The West

Reinforcement A will never forget his turn to stand before the battle-hardened veterans from Australia's most elite fighting force. His fate hinged on their judgment.

Three weeks earlier, the 25-year-old arrived at Campbell Barracks, Swanbourne, with 130 others from all three arms of the Australian Defence Force for a gruelling challenge: the Special Air Service Regiment selection course.

Over 21 days, their desire and ability to join the nation's toughest military outfit was tested. They had days without food and less than four hours sleep while striving to complete seemingly impossible tests.

Most failed. Others, injured or unable to take the psychological strain, dropped out. After a final trial, a march in rough terrain with no food for four days carrying up to 60kg, 39 remained.

But just finishing was not enough. As Reinforcement A prepared to find out if he was deemed tough enough, the man before him left, head bowed. He survived everything thrown at him but was one of the 13 soldiers the SAS judged unsuitable.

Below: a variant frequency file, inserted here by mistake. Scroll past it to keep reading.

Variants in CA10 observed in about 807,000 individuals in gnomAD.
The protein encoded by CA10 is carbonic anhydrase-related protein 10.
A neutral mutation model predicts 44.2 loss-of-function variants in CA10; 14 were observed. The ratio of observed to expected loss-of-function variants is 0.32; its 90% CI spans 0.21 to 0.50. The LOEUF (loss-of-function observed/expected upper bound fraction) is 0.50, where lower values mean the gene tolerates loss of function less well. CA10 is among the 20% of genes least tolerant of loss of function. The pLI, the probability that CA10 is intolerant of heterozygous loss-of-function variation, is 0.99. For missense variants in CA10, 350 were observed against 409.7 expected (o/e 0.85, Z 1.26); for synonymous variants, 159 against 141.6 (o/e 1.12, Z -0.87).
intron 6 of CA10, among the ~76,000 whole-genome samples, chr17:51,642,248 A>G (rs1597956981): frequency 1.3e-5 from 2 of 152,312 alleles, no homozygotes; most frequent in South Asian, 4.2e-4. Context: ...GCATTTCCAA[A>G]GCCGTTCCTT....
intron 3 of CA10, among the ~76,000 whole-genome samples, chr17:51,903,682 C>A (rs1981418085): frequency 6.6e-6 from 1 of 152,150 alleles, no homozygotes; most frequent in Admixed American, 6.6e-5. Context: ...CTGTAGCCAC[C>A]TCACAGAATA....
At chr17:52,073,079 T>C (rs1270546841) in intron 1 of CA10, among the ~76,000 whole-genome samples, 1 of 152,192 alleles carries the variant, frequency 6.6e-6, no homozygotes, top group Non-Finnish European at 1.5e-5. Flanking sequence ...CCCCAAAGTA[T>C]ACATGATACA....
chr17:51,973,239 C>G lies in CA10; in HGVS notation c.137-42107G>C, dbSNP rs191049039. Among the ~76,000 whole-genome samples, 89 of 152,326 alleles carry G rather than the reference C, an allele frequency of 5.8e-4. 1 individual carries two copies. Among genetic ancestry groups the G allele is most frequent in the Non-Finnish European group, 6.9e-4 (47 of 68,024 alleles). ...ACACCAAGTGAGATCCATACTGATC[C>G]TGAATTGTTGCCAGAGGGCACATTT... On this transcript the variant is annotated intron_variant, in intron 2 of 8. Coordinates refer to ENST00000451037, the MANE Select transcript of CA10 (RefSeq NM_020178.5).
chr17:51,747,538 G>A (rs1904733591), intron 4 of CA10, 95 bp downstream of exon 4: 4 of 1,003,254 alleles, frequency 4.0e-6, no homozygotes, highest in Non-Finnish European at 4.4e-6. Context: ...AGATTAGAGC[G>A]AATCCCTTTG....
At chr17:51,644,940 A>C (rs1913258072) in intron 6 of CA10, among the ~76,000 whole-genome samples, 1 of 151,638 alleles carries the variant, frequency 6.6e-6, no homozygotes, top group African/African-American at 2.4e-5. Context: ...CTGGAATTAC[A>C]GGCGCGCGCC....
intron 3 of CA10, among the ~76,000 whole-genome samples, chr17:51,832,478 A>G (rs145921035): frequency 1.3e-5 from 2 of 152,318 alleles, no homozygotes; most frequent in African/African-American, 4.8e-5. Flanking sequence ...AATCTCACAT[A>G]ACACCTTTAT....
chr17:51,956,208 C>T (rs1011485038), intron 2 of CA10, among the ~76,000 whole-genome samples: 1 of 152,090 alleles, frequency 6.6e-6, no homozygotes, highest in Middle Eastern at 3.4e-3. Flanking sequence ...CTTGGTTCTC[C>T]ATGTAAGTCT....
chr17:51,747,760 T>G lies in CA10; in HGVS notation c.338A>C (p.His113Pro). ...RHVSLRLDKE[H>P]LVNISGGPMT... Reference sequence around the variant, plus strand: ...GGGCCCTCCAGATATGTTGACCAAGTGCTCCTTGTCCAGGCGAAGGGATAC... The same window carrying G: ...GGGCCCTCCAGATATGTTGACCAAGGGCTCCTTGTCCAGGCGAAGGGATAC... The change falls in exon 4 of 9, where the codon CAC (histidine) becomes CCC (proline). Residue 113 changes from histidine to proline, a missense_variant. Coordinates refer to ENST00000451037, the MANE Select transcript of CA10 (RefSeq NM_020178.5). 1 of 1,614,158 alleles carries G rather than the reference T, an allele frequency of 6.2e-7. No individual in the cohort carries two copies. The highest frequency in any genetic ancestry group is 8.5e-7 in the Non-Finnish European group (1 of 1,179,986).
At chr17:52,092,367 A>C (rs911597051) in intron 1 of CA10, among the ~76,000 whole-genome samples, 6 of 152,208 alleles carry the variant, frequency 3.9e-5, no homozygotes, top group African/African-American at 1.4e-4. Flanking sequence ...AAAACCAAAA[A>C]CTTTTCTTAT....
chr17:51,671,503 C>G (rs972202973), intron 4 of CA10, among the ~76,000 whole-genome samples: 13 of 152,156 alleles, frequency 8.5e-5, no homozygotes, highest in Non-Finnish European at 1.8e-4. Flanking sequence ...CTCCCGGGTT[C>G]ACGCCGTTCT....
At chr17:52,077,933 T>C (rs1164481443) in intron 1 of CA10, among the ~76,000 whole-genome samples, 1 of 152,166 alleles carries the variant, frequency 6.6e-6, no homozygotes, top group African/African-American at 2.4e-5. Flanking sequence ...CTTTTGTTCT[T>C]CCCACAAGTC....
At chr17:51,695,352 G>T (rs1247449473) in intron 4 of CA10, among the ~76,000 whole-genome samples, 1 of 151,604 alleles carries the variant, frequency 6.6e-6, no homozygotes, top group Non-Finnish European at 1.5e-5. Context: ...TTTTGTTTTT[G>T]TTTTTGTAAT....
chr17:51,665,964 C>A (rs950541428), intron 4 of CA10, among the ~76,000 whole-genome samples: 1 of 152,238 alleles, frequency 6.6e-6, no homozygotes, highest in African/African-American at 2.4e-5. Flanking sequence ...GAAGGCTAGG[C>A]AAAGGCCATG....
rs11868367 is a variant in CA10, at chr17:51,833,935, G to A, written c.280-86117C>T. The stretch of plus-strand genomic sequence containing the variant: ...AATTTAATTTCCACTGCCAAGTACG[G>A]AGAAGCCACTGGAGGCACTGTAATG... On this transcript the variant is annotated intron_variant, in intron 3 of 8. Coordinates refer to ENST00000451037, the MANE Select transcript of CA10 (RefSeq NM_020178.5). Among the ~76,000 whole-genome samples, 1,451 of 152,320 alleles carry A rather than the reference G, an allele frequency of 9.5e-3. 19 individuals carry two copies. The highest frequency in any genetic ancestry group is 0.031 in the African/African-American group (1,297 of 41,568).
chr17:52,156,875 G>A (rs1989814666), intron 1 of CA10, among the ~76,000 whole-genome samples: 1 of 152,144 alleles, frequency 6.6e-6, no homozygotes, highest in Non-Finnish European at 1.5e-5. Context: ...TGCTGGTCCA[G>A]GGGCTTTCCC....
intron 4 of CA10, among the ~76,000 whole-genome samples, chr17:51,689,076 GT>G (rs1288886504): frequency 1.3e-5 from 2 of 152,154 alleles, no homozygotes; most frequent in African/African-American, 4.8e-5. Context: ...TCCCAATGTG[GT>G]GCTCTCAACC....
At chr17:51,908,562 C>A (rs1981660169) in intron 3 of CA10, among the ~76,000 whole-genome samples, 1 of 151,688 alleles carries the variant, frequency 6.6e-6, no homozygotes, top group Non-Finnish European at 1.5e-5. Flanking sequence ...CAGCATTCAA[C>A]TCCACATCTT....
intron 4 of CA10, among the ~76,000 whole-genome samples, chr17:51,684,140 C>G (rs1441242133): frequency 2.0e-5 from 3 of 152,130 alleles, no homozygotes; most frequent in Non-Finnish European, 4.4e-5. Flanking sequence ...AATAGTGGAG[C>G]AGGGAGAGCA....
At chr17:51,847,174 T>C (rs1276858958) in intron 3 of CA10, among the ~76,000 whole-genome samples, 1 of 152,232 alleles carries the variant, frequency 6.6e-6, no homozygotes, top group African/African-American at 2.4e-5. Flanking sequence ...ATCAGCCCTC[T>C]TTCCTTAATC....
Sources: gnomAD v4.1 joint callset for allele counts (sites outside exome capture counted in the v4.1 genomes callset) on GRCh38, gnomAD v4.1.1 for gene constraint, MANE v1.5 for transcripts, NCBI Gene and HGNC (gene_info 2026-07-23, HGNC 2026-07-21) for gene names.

"He was completely shattered," Reinforcement A said.

"I took a breath and went in. They said I had made it. I was elated. I'm on cloud nine."

Last week, the 26 men who passed gained the status of SAS Reinforcements, one step from acceptance. But while Reinforcement A and his mates, who cannot be named for security reasons, were closer to their dream, the right to wear the coveted SAS winged dagger, it was not guaranteed.

Sgt T, an SAS veteran who has seen and survived it all, including being shot twice in combat, said those who passed faced a new challenge - the reinforcement cycle.

Over 18 months, they would be taught and tested in areas including urban combat, advanced weapons, demolitions, survival in the wilderness without supplies and skills which cannot be revealed for security reasons.

"Last year we had about 25 guys pass the course and we've only got 16 left. Until they've proved themselves and passed a number of courses, they're not in the unit," Sgt T said.

In coming months, the Reinforcements will be shipped to a secret jungle location to begin patrol and survival courses, which incorporate live fire and an exercise where they will live off the land for days.

After that, the recruits will learn how to fight in towns and buildings where they could expect close-quarter combat.

Their placement in the regiment now relies on their ability to perform and Sgt T says it always will. It is a little known fact, he says, that every SAS soldier is on a daily contract which is assessed constantly.

"It's not like once you're in, it's a job for life," he said.

The West Australian

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